Thursday, January 28, 2010


I sometimes find myself marveling at God’s timing. Amazingly for us, the first two readings after the Haitian earthquake are the entirety of 1 Corinthians 12. Last week, Bishop Scarfe point out how the Spirit gives us each a gift as part of our baptismal and confirmational covenant with God, and that gifting takes place within the context of the wider body we call the Church. In a real sense, God equips His body, the church, with all the tools, talents, and resources necessary for it to accomplish His ministry.

St. Paul’s carries that teaching a bit further by reminding us how our parts of our body are dependent upon others to do their job completely and effectually. Hands pick up small things so that the eyes may examine them a bit closer; the feet take the head to various places so that it can examine, process, and understand better the world around us. And so, the whole body, just like the whole Church, requires all its members to function efficiently and completely.

But, like the Corinthians, we sometimes like to tell God what gifts we want. We often value miracle workers or healers or those gifted with tongues more that intercessors or teachers because of the “wow” factor. We neglect to honor the ones who show hospitality among us or the ones who interpret or the ones who provide assistance because they are so ordinary. We want a God who makes a splash! We want a God who does remarkable things! We want a God who makes us appear remarkable!

Yet, buried in these verses are the workers of power. We often think of them as miracle workers, as our translators think of dunamis (and its other Greek forms -- the words which become dynamic in English) as bordering on the spectacular. It does border on the spectacular, but not in the ways most of us think. For Paul, particularly in this letter, the true power (dunamis) of God and His people flows from the cross. And so, as Paul in 1 Cor 1:18-2:5 reminds us, true power reflects Christ’s cross and flows from our identification with Him. Thus, workers of power, for Paul, become those who reflect the sacrifice and love shown forth for us on the cross. And God honors that sacrifice, and glorifies His Son, by taking the ordinary and making it appear extraordinary, by taking death to one’s self and raising new life in others.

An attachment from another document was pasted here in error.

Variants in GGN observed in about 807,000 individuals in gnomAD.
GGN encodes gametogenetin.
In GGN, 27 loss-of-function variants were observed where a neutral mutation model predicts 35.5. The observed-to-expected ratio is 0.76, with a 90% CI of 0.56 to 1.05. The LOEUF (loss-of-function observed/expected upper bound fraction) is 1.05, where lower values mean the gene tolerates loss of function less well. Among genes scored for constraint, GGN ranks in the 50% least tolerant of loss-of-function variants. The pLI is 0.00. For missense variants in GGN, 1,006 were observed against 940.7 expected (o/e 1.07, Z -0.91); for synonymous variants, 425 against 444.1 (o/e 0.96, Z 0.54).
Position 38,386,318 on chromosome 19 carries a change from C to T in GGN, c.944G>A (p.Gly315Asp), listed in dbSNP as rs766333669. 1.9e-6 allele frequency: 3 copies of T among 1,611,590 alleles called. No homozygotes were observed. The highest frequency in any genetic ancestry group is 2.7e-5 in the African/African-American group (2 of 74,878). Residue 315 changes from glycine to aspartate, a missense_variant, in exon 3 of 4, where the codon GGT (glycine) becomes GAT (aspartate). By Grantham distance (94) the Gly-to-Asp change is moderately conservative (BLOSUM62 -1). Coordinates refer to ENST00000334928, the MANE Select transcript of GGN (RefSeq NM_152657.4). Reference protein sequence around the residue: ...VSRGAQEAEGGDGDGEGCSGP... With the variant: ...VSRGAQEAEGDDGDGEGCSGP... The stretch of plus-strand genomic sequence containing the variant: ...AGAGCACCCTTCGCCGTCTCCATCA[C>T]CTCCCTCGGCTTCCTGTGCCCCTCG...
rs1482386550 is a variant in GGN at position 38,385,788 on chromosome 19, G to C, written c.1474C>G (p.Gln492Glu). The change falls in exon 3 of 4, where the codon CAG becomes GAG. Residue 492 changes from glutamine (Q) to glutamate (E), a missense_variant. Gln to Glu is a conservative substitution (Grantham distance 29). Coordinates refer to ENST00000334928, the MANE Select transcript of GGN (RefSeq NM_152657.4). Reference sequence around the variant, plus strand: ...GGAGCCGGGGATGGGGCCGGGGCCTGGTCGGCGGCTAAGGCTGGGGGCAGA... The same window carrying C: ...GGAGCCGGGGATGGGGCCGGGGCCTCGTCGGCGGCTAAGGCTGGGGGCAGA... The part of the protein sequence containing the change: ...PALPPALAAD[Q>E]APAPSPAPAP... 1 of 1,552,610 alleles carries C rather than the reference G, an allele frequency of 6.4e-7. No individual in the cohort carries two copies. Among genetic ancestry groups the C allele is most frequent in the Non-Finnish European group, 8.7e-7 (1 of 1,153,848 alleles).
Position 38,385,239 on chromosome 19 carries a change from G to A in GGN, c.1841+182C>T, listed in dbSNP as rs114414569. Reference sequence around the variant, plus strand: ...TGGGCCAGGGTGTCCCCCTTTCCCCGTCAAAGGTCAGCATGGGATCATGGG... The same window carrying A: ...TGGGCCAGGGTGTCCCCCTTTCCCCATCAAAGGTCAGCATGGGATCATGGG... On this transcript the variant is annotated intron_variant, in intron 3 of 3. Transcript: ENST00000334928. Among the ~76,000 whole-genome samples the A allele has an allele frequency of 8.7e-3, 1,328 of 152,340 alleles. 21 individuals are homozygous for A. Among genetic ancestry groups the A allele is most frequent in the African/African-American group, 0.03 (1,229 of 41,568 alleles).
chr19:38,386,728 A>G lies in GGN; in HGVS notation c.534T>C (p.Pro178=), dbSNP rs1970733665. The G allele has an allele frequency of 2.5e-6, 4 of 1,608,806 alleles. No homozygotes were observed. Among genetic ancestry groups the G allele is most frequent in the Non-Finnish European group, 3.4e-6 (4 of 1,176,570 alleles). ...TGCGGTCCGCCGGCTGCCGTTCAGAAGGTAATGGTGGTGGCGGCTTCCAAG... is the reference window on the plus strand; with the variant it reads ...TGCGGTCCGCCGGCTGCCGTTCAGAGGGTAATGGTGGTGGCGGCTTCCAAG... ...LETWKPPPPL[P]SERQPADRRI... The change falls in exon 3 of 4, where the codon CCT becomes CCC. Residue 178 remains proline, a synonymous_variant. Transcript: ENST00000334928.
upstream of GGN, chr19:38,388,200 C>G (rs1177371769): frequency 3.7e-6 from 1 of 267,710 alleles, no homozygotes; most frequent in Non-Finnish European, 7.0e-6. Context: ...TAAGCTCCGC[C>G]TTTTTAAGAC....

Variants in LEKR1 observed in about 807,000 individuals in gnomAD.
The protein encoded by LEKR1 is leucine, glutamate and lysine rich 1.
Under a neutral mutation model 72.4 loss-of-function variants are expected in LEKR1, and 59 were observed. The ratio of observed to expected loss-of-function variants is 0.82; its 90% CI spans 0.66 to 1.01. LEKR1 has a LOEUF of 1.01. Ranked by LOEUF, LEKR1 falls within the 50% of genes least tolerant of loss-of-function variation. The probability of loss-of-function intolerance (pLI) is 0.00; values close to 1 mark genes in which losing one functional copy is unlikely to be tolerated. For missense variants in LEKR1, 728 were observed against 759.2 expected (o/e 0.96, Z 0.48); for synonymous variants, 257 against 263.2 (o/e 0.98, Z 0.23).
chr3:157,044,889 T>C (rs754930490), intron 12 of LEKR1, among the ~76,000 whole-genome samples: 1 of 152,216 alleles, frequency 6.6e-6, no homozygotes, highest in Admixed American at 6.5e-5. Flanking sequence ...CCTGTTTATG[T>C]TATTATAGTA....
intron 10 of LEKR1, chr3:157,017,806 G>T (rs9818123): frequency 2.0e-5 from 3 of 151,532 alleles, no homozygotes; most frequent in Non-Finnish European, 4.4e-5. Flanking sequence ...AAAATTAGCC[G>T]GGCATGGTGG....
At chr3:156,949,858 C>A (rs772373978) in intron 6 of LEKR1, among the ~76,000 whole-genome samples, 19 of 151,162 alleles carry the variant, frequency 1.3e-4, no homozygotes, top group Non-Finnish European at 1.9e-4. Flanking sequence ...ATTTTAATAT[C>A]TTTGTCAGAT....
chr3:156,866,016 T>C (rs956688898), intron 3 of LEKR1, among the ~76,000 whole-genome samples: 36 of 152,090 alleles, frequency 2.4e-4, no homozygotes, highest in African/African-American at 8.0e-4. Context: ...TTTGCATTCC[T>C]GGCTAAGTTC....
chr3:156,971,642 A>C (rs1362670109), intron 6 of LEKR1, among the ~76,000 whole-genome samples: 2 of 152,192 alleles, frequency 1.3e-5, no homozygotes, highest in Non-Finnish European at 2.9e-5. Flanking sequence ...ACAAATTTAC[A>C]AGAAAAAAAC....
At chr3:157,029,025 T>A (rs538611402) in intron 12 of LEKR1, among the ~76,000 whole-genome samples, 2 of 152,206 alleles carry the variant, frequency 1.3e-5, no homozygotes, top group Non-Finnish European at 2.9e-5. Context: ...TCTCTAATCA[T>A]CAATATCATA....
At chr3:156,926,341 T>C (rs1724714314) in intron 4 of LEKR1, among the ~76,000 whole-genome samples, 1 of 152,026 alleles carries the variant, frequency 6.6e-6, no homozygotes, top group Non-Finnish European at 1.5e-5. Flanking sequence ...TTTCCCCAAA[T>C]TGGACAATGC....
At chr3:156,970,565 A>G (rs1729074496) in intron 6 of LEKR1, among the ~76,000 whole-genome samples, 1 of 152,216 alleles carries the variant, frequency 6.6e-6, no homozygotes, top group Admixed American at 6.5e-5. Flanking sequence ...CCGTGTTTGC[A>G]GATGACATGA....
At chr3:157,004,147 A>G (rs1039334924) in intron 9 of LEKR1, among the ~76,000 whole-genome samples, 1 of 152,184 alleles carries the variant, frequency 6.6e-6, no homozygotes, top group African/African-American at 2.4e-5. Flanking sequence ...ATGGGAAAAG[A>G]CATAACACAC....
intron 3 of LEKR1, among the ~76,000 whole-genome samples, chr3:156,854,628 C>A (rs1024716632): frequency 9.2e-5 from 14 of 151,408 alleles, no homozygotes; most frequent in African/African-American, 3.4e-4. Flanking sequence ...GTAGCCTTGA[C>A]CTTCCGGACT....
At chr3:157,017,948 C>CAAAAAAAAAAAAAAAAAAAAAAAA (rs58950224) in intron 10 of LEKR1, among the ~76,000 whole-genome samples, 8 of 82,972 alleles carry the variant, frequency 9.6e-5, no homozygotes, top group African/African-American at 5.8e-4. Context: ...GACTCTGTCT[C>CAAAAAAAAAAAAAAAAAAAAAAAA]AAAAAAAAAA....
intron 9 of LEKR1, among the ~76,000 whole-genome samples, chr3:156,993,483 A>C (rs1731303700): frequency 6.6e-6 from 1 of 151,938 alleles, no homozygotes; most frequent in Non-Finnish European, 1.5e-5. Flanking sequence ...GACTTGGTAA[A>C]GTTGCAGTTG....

The world will no doubt, in the coming weeks and months, tell us how we Christians are wasting our times with Haiti. Thieves will steal our money. Politicians will siphon off the material goods meant for those devastated by the earthquake. Heck other Christians will explain to us that they are little more than pagan savages who practice voodoo. The need will be simply too great, and we will be far too few. And in that dying to self, in that willingness to trust God to redeem, life will be brought back to Haiti. And we, His people, will become workers of power! It may seem foolish to those around us that we concern ourselves with those such as the Haitians. Then again, St. Paul often reminded us that the way of the cross seemed foolish to the wise and those on their way to death. Only those who are alive in Christ and in the process of being saved see the cross for what it was and is: the promise of God’s mercy and the sheer redemptive power of His love!


Saturday, January 23, 2010

Nature, Sin, & Gospel

A tragedy such as what the Haitians have experienced cannot go unaddressed, particularly when there is some piling on by attention seekers and, worse, supposedly Christian voices. As I have shared with many in the congregation over the last three + years, it is in such tragedies where God’s sovereign hands are most visible. The resources required to overcome a natural disaster on the scale of the Tsunami of 2004, of hurricane Katrina, or even this earthquake are formidable. No less necessary, however, is the determination or perseverance to see the rebuilding through to the end. Sometimes, the devastation wrought by disasters can make all our efforts seem futile and impotent. But, for those who trust in God’s promises, such efforts and faith are required. And so we labor and labor and labor, knowing we might never see the fruits of our labors until He comes again.